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11-09-2007, 07:20 AM   #1
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Expose ONLY when subject comes into focus.

Fairly new to the K10D so still learning. I understand that it is possible to set the camera up so that it will expose only when the subject comes into focus - useful for wildlife shots eg with the camera prefocussed on an empty space waiting for the beast to emerge from its lair. I believe I read something about it in this forum, but I can't locate the thread.

Any tips?

11-09-2007, 07:28 AM   #2
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Trap focus

QuoteOriginally posted by ukbluetooth Quote
Fairly new to the K10D so still learning. I understand that it is possible to set the camera up so that it will expose only when the subject comes into focus - useful for wildlife shots eg with the camera prefocussed on an empty space waiting for the beast to emerge from its lair. I believe I read something about it in this forum, but I can't locate the thread.

Any tips?
I've seen it also called focus trap, don't know which is right. Here is a thread on it. https://www.pentaxforums.com/forums/pentax-dslr-discussion/9853-trap-focus.html
I use it all the time with my manual lenses.

With screw mount, K, M, or A series lenses put switch in AFS mode. Hold shutter button down and turnfocus ring until it is in focus and the camera will fire. You can do it from a tripod using a remote lock so that it fires every time something comes in focus if you set the switch to AFC.

Regards,
ken

Last edited by regken; 11-09-2007 at 07:34 AM.
11-09-2007, 07:40 AM   #3
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Just be careful to turn the focusing ring VERY slowly. There is a bit of lag in the focus indicator, so it is easy to FF or BF using this technique. Of course, is that any different than when "eyeballing" it?
11-09-2007, 09:59 AM   #4
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If you search the DPReview pentax forum on the term "focus trap", you should find postings about this. Ron (brandrx) has quite a few posts on it.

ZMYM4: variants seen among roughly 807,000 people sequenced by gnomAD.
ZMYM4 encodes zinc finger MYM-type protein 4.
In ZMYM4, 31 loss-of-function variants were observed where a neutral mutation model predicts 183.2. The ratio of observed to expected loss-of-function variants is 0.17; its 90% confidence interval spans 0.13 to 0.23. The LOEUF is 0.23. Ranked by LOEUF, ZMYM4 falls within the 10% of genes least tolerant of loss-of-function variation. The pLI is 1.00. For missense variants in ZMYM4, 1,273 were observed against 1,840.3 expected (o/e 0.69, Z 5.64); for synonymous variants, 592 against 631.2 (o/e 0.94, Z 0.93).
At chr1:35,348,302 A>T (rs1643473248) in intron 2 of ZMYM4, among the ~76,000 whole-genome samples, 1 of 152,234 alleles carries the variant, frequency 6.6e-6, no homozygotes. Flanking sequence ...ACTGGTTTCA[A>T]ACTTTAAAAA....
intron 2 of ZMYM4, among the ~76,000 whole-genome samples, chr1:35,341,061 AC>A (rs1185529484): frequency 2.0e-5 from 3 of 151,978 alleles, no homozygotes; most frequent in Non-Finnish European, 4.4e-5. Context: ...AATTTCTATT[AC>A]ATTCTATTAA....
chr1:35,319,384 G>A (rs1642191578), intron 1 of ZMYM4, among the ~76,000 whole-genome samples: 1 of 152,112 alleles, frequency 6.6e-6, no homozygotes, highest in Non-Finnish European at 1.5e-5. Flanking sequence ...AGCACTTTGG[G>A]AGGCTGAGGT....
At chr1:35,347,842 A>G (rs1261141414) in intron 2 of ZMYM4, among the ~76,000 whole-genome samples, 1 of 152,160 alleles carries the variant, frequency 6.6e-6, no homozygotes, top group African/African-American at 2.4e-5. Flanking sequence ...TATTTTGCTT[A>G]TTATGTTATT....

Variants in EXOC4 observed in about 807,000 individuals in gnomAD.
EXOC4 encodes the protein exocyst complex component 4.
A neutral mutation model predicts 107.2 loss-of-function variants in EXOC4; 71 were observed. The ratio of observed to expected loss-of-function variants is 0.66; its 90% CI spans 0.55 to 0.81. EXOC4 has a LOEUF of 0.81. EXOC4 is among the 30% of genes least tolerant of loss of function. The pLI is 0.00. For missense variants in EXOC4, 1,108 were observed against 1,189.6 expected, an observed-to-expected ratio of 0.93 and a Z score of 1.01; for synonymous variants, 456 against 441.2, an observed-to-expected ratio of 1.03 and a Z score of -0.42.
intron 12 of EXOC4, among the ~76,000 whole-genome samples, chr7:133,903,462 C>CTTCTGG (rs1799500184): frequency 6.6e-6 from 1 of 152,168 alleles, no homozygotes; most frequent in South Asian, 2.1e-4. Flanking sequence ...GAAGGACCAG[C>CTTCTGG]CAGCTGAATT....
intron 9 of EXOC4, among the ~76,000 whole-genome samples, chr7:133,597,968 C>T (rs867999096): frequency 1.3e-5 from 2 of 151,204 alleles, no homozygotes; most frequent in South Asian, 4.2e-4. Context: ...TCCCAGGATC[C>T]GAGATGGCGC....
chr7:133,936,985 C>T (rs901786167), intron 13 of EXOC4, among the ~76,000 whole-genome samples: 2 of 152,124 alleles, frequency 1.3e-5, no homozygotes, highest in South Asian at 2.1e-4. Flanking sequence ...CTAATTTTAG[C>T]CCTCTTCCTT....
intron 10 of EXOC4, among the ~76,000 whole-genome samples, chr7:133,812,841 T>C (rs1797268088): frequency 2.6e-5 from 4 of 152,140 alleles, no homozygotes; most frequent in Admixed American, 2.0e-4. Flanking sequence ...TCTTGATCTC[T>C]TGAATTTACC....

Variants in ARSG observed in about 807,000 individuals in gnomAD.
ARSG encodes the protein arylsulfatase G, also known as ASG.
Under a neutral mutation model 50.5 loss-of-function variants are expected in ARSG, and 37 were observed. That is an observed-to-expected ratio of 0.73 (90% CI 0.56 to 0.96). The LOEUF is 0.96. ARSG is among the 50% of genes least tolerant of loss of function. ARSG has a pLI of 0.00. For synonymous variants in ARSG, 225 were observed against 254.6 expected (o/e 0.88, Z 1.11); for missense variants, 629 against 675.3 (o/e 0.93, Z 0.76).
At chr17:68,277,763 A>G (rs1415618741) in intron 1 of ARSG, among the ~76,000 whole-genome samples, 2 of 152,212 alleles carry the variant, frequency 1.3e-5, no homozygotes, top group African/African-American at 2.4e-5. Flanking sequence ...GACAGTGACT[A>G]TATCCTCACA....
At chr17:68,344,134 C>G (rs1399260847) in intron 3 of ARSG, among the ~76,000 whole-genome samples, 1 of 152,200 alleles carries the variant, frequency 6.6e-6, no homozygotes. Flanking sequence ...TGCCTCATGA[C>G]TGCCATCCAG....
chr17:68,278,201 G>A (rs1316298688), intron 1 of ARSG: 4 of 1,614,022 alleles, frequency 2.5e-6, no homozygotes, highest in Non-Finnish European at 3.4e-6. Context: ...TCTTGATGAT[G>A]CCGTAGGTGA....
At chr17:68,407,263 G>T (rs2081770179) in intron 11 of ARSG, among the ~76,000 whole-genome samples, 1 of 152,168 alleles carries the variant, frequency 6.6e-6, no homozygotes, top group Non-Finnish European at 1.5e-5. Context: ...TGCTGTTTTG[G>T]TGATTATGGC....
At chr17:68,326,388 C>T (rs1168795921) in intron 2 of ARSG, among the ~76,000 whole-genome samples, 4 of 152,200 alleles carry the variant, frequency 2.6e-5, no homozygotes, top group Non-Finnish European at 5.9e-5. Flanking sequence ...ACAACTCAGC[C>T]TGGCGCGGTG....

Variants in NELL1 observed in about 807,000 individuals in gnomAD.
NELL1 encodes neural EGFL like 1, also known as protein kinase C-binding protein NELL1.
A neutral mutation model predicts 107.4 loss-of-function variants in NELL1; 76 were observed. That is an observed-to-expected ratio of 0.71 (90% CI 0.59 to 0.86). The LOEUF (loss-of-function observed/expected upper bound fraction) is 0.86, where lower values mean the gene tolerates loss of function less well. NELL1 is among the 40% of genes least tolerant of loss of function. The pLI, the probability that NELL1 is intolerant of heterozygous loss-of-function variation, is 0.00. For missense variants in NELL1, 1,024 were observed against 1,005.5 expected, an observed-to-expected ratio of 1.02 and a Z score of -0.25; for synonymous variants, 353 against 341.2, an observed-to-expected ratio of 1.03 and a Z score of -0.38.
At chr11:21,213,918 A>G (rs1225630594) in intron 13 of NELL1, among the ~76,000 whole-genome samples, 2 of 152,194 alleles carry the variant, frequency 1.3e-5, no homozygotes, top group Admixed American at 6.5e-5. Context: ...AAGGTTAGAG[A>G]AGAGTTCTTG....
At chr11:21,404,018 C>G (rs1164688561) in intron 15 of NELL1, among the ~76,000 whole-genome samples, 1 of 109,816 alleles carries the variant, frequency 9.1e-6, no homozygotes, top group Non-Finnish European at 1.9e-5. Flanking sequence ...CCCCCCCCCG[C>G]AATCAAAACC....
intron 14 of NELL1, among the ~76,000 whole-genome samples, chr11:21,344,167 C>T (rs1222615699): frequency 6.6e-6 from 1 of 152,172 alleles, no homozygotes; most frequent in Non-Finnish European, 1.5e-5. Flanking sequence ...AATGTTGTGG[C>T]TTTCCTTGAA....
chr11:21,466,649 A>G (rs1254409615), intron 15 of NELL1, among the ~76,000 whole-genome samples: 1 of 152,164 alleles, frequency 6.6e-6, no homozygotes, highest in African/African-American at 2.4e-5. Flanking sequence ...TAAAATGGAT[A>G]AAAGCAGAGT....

The important thing to note is that you do this with the camera set on AF, but you are using a MF lens. You focus on some point that is out of focus and use a corded trigger to set the shutter open. There is a trick for using FA and DA lenses involving sliding a piece of paper between the pin contacts to prevent the circuitry from getting involved.

11-09-2007, 09:15 PM   #5
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I've usually called it snap-in-focus (as in the SF-1 manual). A couple up in the thread there is a typo where regken says to use AFC. This does not work. You must be in AFS - the shutter will not trip untilt he subject is in focus. If you are in AFC the shutter will go off, in focus or not.

I use this for shooting butterflies with my macro. I set the macro to the image size I want, set the camera to AFS and hold down the shutter release while slooowwwwly moving the camera toward the subject. (My macro is the M 100/4). This will work with any manual focus lens or AF lens that has an AF/MF switch or focus ring positiion. Just use the MF lens with the camera in AFS. Works every time.

I got three nice humming bird shots at a feeder when I fist got my SF-1 with the 70-210 just to see how it worked. Focussed on the perch, slid the AF spot up about an inch above the perch, set AFS, locked the cable release down, and went inside to eat supper. Eureka! It works! LOL
11-10-2007, 08:53 AM   #6
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Great - thanks for all your help folks. I will try it out.
11-12-2007, 08:54 PM   #7
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QuoteOriginally posted by Canada_Rockies Quote
I've usually called it snap-in-focus (as in the SF-1 manual)....

...

I got three nice humming bird shots at a feeder when I fist got my SF-1 with the 70-210 just to see how it worked. Focussed on the perch, slid the AF spot up about an inch above the perch, set AFS, locked the cable release down, and went inside to eat supper. Eureka! It works! LOL
Do you still use your SF-1?
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